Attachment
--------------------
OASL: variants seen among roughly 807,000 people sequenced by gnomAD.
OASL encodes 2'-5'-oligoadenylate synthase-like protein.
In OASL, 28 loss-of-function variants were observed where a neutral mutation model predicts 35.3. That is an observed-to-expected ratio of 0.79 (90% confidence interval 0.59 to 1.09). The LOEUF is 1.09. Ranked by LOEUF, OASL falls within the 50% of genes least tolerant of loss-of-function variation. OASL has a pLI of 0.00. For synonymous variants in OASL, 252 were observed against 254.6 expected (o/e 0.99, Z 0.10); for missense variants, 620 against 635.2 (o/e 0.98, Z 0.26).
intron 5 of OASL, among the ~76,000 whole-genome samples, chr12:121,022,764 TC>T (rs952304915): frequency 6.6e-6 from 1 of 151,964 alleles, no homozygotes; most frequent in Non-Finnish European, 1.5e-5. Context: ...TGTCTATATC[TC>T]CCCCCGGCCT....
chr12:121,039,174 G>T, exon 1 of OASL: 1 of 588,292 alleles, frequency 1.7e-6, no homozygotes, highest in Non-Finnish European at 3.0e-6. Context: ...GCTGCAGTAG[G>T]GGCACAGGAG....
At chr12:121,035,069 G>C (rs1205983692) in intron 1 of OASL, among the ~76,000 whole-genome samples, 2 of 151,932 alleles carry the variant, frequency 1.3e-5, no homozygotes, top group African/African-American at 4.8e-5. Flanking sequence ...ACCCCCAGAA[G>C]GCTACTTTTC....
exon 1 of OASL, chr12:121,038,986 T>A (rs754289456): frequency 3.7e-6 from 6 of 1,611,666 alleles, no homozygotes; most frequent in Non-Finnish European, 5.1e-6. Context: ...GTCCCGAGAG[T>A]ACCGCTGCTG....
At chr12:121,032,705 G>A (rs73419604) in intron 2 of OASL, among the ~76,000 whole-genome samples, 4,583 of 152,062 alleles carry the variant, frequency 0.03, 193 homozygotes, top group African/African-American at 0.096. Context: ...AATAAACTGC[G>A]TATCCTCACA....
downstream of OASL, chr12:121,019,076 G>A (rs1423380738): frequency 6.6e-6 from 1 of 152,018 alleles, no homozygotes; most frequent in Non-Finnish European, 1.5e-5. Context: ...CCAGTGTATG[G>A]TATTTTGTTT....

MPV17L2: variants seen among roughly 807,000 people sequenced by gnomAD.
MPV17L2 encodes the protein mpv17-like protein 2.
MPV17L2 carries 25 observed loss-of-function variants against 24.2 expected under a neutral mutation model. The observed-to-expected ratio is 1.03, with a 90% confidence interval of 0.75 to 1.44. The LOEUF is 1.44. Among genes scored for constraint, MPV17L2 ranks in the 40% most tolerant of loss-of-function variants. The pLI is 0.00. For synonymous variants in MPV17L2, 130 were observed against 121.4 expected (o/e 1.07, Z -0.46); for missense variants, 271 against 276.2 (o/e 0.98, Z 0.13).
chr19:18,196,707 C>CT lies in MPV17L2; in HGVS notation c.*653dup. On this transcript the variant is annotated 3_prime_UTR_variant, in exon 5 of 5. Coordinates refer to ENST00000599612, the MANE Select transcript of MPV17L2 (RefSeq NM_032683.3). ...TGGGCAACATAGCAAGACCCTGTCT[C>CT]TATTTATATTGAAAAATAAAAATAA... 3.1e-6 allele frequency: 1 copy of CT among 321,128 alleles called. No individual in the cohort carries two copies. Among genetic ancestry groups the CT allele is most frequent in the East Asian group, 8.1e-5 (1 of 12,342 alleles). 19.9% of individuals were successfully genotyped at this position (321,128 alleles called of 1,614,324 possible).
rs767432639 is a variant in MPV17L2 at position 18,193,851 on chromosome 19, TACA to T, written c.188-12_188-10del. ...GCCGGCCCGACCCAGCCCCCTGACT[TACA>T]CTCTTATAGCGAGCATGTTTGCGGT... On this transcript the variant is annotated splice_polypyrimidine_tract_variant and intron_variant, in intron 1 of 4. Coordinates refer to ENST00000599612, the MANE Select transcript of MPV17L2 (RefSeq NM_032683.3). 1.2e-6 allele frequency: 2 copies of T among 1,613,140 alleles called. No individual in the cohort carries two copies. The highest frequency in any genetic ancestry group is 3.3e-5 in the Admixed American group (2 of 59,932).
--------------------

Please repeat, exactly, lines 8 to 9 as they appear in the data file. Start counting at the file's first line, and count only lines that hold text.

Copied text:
At chr12:121,032,705 G>A (rs73419604) in intron 2 of OASL, among the ~76,000 whole-genome samples, 4,583 of 152,062 alleles carry the variant, frequency 0.03, 193 homozygotes, top group African/African-American at 0.096. Context: ...AATAAACTGC[G>A]TATCCTCACA....
downstream of OASL, chr12:121,019,076 G>A (rs1423380738): frequency 6.6e-6 from 1 of 152,018 alleles, no homozygotes; most frequent in Non-Finnish European, 1.5e-5. Context: ...CCAGTGTATG[G>A]TATTTTGTTT....